Getting your innovation adopted in the NHS sphere can feel like opening a sticky door that requires the hinges to be oiled continuously. At the Health Innovation Network, we are approached by about 3-4 innovators every week looking for advice and support with getting their innovation bought by the NHS. Whilst every innovation requires different proof-points, we have learnt a number of lessons through our experience of improving the take-up of the Innovation and Technology Payment products across South London, and developed some key steps that all innovators can follow to increase their chances of getting their innovation, product or service adopted.

Target the right people

Having an engagement plan to target the right people at the right time, will stop you wasting yours. For example, if the innovation helps with managing referrals more effectively then a General Manager or Operational Director will be your target audience. If your innovation addresses a patient safety issue, then the Medical Director of Director of Nursing will be the decision-maker you need to approach. Work out which part of the system your innovation will save them money and then work out who is in charge of spending for that department.

Tip: if your innovation has the potential to save money for an NHS provider don’t target commissioners. Also, Trusts often have transformation teams who could help with getting your innovation adopted if there is evidence that it will improve patient care.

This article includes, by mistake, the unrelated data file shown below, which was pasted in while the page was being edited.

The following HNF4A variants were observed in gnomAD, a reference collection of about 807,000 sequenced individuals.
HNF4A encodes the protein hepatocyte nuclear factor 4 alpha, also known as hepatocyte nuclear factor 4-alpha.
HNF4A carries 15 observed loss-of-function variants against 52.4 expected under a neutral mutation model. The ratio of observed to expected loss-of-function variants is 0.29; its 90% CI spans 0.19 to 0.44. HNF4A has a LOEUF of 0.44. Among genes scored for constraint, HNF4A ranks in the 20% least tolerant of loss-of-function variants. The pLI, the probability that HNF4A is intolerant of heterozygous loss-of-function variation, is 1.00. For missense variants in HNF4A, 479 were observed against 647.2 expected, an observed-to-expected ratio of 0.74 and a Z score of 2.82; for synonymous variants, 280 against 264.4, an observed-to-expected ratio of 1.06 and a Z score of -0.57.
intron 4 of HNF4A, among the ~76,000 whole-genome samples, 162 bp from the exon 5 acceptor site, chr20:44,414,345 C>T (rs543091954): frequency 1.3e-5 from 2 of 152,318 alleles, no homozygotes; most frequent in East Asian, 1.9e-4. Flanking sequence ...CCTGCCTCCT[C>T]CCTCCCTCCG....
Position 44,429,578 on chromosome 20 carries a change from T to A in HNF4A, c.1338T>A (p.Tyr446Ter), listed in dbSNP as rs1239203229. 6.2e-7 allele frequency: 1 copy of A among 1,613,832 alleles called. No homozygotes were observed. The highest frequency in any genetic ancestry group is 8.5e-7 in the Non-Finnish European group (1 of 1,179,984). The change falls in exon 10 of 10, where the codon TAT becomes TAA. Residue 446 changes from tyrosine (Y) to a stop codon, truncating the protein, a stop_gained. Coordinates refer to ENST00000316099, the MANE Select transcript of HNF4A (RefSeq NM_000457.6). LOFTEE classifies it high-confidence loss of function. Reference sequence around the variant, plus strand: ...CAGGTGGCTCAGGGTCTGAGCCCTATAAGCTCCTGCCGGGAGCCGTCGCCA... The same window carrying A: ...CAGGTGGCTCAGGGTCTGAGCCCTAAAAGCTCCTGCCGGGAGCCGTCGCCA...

Tailor your message

In general, all NHS Trusts or Clinical Commissioning Groups will have the same system pressures as everyone else. These could be A&E waiting times, or the increasing demand caused by more patients having more complex conditions. However, individual decision-makers will have different priorities that concern them on a daily basis. To make sure your message is getting heard you should tailor it to the specific pressures or problems that your innovation could help them with.  For example, the Director of Nursing will probably be concerned with their nursing vacancies and agency costs, or patient safety while the Director of Finance and Performance’s priority is more likely to be addressing long waiting lists, or meeting their savings target.

Tip: trust board reports and Clinical Commissioning Group board reports are all published via their website; by scanning these board papers you can identify their specific issues and make it clear that your innovation solves their problems.

Get clinician approval first

Don’t even think about approaching any director or commissioner if you don’t have sufficient clinician buy-in. After all, they are the people who will be using your innovation on day-to-day and will need to be convinced of its value if you want it to get implemented properly. Approach the clinical teams to highlight the clinical and patient benefits of your innovation, and test their interest, before trying to get it bought for their hospital.

Tip: you are more likely to have an impact with this audience if you show that you’ve done some research. Do the testing, build up an evidence-base and then make your approach.